Tuesday, April 17, 2007

One builder's response to housing sales slump

The Housing Bubble gives us an interesting piece of information:

“Home builder Lennar Corp. has sent letters to its subcontractors in Southern California, Nevada and other states, telling them to cut their prices by as much as 20% and resubmit invoices for work not yet paid for.

“The letters said the subcontractors have a choice of either cutting their invoice prices or being shut out of bidding on Lennar projects for the next six months. In some cases the work has already been completed.”

“‘Basically, they sent a letter out that said as the customers are paying us a lower price for our homes, we must pay you lower price for services,’ said an Orange County plumber with more than 200 employees.”

“‘So they gave us a choice of either reducing all unpaid invoices under current contracts by a percentage that varies from contractor to contractor, but it’s a range of 3% to 20%,’ the contractor said. ‘This is for work that we had already been lowest bidder on and it was ongoing like the fourth or fifth phases of the project. Lennar already demanded a 5% decrease from the previous phase, so this is the second time they’ve come to the well.’”

I would sue on the unpaid invoices from current contracts depending on how much Lennar owed me; it's likely they're going to be reducing their demand for work anyway across the board so it might not be such a big loss if they cut you off right away. That's the problem with being in the home-building business; when there's a massive inventory overhang and demand drops off the cliff, you've got few alternatives. Small builders could turn to repair work and possibly renovation; but I don't think that the business structure of large companies like Lennar could support such moves.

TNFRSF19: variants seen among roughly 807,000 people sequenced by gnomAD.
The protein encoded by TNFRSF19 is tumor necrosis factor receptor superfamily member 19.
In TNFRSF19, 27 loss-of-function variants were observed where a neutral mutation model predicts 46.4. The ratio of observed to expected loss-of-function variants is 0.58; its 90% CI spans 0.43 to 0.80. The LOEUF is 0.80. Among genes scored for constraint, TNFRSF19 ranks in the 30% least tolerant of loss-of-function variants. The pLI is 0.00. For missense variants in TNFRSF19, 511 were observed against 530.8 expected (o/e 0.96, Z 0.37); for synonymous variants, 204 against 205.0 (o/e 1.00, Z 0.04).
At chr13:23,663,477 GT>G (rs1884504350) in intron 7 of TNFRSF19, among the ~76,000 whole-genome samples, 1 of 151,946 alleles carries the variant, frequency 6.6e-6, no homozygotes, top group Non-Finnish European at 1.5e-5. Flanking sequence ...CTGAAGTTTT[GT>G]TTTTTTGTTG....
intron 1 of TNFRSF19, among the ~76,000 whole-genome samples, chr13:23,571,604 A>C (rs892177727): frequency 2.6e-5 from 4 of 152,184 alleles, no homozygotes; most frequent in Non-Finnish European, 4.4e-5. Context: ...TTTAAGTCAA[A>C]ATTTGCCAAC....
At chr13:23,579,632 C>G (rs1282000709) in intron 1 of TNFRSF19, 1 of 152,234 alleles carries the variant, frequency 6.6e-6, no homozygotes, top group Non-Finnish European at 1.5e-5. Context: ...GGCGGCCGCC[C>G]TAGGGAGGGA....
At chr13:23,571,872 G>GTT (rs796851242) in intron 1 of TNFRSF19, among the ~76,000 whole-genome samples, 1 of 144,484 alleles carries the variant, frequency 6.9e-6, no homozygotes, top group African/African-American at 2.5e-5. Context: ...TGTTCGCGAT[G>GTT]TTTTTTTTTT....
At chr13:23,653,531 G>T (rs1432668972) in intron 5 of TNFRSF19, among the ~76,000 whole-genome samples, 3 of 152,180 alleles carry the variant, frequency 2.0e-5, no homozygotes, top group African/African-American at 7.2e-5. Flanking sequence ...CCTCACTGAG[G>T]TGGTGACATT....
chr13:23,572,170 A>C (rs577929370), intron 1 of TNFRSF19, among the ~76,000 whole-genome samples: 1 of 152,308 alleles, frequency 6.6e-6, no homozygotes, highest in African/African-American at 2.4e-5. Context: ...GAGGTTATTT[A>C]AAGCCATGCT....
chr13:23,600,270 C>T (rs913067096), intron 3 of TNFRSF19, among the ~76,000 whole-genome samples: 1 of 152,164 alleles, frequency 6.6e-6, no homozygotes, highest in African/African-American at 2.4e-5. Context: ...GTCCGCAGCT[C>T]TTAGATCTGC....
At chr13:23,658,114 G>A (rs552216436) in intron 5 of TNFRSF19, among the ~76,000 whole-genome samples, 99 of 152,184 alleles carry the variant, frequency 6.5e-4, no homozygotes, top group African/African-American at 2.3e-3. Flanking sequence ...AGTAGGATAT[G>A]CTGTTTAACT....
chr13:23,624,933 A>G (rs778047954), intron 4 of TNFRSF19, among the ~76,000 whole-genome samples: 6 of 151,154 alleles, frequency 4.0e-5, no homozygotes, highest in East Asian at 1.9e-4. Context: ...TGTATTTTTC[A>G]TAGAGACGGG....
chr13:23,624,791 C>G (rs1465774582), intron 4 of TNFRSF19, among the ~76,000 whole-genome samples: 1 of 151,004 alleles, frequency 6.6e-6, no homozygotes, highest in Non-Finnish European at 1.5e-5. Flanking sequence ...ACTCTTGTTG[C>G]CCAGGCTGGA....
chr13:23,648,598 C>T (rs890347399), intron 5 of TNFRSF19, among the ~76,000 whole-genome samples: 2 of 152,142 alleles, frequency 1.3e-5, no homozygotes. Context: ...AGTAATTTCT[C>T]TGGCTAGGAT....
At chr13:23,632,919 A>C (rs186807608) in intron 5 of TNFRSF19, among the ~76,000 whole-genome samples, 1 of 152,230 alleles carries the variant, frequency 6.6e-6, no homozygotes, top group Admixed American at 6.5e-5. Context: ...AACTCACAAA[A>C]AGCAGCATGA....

I think that the best course of action for Lennar shareholders at this point would be to liquidate the company. Their latest quarterly balance sheet found at Yahoo Finance shows assets of $12.4 billion and stockholder equity of $5.7 billion. On the asset side of the balance sheet, a good chunk of it consists of inventory and long term investments; if you give those numbers a 30% haircut and wipe out the line item for goodwill(ha!) you come up with revised assets of $9.1 billion approximately. You take those assets, liquidate them and pay off the liabilities of $6.7 billion and you are left with $2.7 billion of shareholder equity to divide up. This way you come out ahead, rather than plugging along until collapsing into bankruptcy. The main wildcard will be lawsuits for shoddy workmanship and possibly fraud.

Update: Morningstar has an analysis of homebuilders which suggests that Lennar is one that is best prepared to ride out the bust. Morningstar says that "
Lennar ... benefits from the fact that much of its inventory and debt is held off the balance sheet in joint ventures in which it shares risk with other parties."

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